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Australia's informal venture capitalists: An exploratory profile


  • Kevin Hindle
  • Robert Wenban


In Australia, as elsewhere, finding and acquiring equity capital is one of the major problems facing start-up or growing entrepreneurial ventures. The informal venture capital market, comprising high net worth non-institutional private equity investors (or 'business angels') provides risk capital directly to new and growing businesses and has been shown to be considerably more significant than institutional providers as a source of finance for entrepreneurial businesses. Building upon research undertaken internationally, this study generated and evaluated data resulting from an investigation of 36 carefully screened Australian business angels. It focused upon three primary research questions: (i) Who are Australia's informal venture capitalists (business angels)? (ii) How do they behave? (iii) What are their investment criteria? The study initiates Australian angel research into the developing international continuum of informal venture capital research and can serve as the generator of empirically testable hypotheses for future research and theory development.

Suggested Citation

  • Kevin Hindle & Robert Wenban, 1999. "Australia's informal venture capitalists: An exploratory profile," Venture Capital, Taylor & Francis Journals, vol. 1(2), pages 169-186, April.
  • Handle: RePEc:taf:veecee:v:1:y:1999:i:2:p:169-186
    DOI: 10.1080/136910699295956

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    Cited by:

    1. Waheed CHICKTAY & Brian BARNARD, 2019. "Venture Capital Process: Opportunity Selection, Monitoring, Capital Rationing, and Deal Flow," Expert Journal of Finance, Sprint Investify, vol. 7(1), pages 22-38.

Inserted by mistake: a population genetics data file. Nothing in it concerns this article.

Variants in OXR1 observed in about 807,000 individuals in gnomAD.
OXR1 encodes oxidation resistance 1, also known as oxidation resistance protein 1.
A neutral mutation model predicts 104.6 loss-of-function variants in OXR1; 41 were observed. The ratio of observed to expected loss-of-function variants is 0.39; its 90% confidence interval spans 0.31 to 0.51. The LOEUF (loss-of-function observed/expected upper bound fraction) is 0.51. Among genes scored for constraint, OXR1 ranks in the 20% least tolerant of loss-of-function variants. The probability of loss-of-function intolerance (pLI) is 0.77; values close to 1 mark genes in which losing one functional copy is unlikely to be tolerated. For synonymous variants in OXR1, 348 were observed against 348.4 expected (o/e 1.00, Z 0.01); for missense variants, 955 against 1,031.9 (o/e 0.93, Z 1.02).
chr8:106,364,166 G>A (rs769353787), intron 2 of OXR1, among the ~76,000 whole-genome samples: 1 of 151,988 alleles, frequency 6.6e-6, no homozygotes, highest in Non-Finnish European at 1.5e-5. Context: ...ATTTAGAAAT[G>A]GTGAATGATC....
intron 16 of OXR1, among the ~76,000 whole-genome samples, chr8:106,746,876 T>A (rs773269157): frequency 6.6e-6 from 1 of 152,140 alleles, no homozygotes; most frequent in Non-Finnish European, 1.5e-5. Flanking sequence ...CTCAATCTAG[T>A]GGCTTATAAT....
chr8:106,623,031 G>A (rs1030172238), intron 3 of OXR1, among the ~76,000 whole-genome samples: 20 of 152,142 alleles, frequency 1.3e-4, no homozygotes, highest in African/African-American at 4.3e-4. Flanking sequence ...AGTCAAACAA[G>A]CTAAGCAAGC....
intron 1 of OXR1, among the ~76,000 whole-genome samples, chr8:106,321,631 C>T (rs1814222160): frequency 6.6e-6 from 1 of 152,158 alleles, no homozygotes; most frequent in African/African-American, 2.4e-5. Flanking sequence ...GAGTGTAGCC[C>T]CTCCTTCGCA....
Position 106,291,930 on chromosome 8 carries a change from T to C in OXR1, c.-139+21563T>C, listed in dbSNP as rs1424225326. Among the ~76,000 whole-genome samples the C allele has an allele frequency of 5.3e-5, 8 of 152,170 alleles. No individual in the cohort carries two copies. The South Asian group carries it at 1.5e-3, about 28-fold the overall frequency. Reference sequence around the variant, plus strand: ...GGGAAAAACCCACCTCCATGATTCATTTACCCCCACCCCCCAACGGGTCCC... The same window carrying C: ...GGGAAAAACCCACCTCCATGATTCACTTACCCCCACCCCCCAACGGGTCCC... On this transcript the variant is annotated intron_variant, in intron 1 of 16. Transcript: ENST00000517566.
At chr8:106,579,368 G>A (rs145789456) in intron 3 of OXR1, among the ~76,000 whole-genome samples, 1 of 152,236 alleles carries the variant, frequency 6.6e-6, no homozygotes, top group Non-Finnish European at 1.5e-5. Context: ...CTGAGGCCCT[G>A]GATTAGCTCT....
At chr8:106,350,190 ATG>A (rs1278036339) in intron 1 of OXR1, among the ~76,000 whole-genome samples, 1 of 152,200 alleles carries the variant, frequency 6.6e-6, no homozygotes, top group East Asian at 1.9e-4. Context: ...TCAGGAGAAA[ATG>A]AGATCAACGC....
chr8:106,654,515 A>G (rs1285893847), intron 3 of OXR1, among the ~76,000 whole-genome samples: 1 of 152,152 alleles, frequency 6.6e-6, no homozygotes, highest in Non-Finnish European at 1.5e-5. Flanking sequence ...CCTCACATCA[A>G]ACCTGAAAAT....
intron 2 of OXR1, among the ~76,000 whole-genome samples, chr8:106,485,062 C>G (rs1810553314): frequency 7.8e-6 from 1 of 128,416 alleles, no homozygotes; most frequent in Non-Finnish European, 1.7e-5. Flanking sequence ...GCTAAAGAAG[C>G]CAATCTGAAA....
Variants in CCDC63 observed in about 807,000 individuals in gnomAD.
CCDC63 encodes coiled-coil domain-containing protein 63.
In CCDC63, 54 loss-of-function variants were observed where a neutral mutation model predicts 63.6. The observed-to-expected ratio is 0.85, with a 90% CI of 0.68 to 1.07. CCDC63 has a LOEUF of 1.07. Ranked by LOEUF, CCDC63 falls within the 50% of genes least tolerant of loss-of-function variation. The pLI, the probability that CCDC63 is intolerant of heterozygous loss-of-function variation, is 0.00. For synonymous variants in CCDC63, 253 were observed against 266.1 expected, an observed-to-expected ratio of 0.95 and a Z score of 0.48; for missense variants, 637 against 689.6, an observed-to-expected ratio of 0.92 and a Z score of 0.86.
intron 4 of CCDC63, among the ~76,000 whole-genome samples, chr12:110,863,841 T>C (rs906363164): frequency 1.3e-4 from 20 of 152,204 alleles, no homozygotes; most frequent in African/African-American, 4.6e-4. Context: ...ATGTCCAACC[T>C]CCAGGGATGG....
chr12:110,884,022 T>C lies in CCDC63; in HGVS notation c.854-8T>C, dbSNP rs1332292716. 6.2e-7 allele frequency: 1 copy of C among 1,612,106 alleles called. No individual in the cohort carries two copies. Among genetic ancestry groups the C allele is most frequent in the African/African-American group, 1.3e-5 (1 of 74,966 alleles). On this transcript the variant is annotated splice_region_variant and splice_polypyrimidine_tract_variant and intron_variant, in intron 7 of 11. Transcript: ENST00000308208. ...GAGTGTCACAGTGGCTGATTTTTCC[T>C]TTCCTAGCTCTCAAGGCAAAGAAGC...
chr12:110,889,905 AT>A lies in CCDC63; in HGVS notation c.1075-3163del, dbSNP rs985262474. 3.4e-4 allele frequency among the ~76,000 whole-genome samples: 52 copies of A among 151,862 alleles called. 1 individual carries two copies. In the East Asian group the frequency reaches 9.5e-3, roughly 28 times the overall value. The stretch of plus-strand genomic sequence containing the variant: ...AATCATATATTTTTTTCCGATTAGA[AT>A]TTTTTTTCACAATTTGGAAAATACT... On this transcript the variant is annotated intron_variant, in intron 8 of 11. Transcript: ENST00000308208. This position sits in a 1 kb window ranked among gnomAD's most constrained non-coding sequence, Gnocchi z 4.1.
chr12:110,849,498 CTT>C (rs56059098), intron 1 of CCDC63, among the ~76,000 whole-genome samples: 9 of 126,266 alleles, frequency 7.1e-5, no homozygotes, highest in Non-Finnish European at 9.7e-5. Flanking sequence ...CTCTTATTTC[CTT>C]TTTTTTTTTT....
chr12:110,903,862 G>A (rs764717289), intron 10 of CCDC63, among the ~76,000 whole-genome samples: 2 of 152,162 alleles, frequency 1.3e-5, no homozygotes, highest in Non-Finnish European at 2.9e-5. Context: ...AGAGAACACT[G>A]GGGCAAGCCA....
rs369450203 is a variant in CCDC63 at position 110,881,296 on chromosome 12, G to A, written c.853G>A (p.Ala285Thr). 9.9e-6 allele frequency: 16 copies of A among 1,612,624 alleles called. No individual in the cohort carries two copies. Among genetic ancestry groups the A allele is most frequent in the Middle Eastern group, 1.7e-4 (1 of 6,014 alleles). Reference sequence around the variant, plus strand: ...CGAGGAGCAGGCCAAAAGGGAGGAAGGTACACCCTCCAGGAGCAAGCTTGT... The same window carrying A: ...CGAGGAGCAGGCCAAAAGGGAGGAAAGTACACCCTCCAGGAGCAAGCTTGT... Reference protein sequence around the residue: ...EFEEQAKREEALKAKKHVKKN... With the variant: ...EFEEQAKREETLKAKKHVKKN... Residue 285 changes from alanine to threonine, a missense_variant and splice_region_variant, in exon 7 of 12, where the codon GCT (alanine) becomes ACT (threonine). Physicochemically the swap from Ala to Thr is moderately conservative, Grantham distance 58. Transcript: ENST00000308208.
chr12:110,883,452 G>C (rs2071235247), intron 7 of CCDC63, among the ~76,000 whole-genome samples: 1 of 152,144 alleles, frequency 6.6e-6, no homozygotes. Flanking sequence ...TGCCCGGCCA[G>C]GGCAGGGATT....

2. Zhujun Ding & Sunny Sun & Kevin Au, 2014. "Angel investors’ selection criteria: A comparative institutional perspective," Asia Pacific Journal of Management, Springer, vol. 31(3), pages 705-731, September.
    3. Yaokuang Li & Shuoyuan Jiang & Dan Long & Huidao Tang & Juan Wu, 2014. "An exploratory study of business angels in China: a research note," Venture Capital, Taylor & Francis Journals, vol. 16(1), pages 69-83, January.
    4. Joël Ludvigsen, 2009. "Decision time in Belgium: an experiment as to how business angels evaluate investment opportunities," Working Papers CEB 09-037.RS, ULB -- Universite Libre de Bruxelles.
    5. Brett Anthony White & John Dumay, 2020. "The angel investment decision: insights from Australian business angels," Accounting and Finance, Accounting and Finance Association of Australia and New Zealand, vol. 60(3), pages 3133-3162, September.
    6. André van Stel & Kashifa Suddle & Andrew Burke & Chantal Hartog, 2008. "How does Entrepreneurial Activity Affect the Supply of Business Angels?," Scales Research Reports H200813, EIM Business and Policy Research.
    7. Györfy Lehel & Madaras Szilárd, 2020. "Influencing Factors of the Informal Investment in Central Europe," Economics and Business, Sciendo, vol. 34(1), pages 78-91, February.
    8. Heukamp, Franz & Liechtenstein, Heinrich & Wakeling, Nick, 2006. "Do business angels alter the risk-return equation in early stage investments? Business angels as seen by venture capitalists in the German speaking countries," IESE Research Papers D/655, IESE Business School.
    9. Appah Ebimobowei & Okoli Margaret Nnenna, 2013. "Angel Investments: A Financing Option for Economic Transformation in Nigeria," International Journal of Management Sciences, Research Academy of Social Sciences, vol. 1(9), pages 341-348.
    10. Richard T. Harrison & Colin M. Mason, 2007. "Does Gender Matter? Women Business Angels and the Supply of Entrepreneurial Finance," Entrepreneurship Theory and Practice, , vol. 31(3), pages 445-472, May.

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